it was bald in the middle, tiny sipes on the shoulder, remember it as a great road tire... don't recall the weight, though

Want more weight?Kerry
Jun 6, 2002 5:04 PM
Puncture resistance is LARGELY a matter of tread thickness, with a little bit of kevlar belting thrown in. Kevlar belts are known for making the ride rougher, and certainly nobody makes a "lightweight" kevlar belted tire, so it is hard to compare puncture resistance. The most common tire mentioned for durability is the Specialized Armadillo, but nobody claims it to have a nice ride. For the competitors to the GP3000 (Axial Pro, Vred Fortezza TriComp, etc.) you won't really see a difference. You'll get the most improvement by watching the road (riding around the glass and other junk) and wiping your tires if you have to ride through stuff. After that, you need heavier (also cheaper) tires, which simply put more rubber and casing between the junk and your tube.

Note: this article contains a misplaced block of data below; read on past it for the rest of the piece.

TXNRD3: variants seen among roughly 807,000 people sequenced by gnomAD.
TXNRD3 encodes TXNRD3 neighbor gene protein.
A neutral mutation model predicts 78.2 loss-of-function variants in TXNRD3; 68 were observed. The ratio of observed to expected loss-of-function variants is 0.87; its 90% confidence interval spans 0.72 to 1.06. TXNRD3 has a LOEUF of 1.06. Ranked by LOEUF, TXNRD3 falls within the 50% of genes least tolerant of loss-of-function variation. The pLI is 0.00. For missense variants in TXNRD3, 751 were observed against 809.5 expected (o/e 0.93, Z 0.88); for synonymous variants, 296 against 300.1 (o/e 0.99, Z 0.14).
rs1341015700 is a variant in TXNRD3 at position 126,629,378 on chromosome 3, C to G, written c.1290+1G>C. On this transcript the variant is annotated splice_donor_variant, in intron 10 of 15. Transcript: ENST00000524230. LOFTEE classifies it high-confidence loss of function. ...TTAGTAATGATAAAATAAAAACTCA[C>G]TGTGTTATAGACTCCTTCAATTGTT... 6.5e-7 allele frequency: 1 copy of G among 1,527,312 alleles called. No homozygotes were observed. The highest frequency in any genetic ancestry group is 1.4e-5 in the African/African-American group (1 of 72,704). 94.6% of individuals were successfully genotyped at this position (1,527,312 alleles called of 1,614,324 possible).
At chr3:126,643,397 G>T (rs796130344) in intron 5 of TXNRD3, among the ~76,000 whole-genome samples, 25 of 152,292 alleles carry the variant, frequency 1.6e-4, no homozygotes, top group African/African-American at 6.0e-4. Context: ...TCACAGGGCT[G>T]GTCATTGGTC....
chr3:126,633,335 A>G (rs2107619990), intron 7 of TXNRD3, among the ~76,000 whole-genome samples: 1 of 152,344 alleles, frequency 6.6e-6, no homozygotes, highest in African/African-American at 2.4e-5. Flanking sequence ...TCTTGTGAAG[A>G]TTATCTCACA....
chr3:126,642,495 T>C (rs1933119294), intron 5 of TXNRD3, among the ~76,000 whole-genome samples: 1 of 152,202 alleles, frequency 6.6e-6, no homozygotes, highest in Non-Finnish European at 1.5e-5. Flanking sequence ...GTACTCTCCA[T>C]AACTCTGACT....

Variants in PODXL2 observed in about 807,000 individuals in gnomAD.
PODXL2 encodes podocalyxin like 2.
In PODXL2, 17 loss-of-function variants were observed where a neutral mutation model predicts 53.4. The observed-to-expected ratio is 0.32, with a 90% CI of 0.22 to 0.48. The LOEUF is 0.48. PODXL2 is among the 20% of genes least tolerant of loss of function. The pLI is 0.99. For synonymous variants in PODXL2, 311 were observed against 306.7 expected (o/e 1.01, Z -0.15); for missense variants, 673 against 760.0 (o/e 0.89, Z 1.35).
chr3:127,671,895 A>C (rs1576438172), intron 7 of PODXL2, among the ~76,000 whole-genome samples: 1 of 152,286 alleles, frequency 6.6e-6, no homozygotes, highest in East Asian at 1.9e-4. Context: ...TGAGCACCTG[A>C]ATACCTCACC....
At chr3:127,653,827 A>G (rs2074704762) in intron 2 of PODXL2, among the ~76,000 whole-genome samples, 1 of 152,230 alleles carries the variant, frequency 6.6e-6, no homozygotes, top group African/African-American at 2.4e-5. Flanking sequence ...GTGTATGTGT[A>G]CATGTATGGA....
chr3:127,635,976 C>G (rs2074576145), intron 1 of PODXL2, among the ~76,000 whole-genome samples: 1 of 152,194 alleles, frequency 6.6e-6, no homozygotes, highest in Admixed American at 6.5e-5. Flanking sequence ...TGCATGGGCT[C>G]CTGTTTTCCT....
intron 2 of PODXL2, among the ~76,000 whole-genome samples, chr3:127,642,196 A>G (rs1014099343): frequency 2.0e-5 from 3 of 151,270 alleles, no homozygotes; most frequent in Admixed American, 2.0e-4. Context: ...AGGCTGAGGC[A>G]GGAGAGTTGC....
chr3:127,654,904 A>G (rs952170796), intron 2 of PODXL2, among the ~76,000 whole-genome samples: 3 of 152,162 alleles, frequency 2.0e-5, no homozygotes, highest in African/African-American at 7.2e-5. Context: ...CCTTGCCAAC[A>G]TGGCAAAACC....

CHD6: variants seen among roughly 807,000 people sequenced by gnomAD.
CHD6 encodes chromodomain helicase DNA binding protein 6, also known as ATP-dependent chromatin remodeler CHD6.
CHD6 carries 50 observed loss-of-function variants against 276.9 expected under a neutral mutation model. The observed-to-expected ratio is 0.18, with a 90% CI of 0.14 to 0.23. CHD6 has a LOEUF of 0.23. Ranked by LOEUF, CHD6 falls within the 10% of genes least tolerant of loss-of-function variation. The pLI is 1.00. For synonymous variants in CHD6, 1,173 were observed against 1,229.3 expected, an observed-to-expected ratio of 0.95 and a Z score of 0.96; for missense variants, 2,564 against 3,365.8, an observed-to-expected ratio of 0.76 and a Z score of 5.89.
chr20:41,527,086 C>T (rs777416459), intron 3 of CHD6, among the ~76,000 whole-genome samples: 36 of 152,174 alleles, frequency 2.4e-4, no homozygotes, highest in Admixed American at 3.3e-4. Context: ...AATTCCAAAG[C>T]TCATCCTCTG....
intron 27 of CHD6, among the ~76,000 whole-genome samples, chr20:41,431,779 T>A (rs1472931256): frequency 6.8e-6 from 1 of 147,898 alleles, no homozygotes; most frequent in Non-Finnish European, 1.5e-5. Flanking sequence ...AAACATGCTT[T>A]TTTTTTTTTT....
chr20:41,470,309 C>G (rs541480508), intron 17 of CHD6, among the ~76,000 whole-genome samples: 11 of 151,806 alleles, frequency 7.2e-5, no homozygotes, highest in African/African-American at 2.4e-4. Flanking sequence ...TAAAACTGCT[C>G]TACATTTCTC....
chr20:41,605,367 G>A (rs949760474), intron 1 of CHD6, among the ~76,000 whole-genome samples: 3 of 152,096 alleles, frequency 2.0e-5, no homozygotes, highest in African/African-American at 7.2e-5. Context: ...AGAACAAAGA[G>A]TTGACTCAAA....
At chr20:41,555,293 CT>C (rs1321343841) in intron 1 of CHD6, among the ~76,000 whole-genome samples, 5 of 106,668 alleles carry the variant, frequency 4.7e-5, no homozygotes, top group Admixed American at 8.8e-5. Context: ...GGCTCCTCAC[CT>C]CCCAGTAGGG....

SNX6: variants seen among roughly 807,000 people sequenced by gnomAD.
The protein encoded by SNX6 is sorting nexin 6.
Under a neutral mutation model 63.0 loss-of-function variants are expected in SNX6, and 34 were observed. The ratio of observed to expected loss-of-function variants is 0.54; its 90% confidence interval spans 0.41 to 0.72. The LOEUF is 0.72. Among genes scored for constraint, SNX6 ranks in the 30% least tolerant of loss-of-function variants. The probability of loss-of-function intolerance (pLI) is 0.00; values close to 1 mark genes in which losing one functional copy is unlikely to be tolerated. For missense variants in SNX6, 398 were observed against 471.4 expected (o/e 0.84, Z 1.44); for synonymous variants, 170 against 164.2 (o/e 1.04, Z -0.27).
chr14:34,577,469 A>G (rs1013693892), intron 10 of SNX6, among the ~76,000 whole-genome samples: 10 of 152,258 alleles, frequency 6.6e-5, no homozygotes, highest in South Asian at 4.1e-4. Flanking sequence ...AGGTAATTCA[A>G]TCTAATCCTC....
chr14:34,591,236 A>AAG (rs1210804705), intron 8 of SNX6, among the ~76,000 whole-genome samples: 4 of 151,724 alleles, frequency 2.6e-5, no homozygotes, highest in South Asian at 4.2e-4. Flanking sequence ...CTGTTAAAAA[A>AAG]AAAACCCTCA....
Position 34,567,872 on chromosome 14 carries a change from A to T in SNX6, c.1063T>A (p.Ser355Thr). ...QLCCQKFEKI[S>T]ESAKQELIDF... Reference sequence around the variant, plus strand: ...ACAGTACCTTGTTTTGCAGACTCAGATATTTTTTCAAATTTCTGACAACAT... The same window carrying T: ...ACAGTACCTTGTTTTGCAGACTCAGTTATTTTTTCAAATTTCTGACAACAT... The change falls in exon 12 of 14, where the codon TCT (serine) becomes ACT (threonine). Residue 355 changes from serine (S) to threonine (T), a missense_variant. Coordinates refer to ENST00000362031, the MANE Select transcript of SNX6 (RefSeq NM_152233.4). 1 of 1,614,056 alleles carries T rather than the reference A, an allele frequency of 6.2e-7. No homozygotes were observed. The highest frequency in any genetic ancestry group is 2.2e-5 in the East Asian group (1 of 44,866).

Jun 6, 2002 6:21 PM
Not light, not fast. But very tough. The extra weight and resistance make for a great training tire, because when you put on your lighter and faster tires, it becomes easier to pedal.

I've run over (what seems like) tons of glass, ridden on gravel trails, hit potholes and rail crossings, and have not had a flat. I've wanted to put on my good Vreds, but the roads here are brutal still, so I'm getting a better workout.
re: What tire for puncture resistance ?Charlie - Empire Cycle Craft
Jun 6, 2002 6:53 PM
I have had great luck with GP3000 4-season. Still light, still fast, but very puncture resistant!
This is good, can I add a question?Leisure
Jun 7, 2002 2:57 AM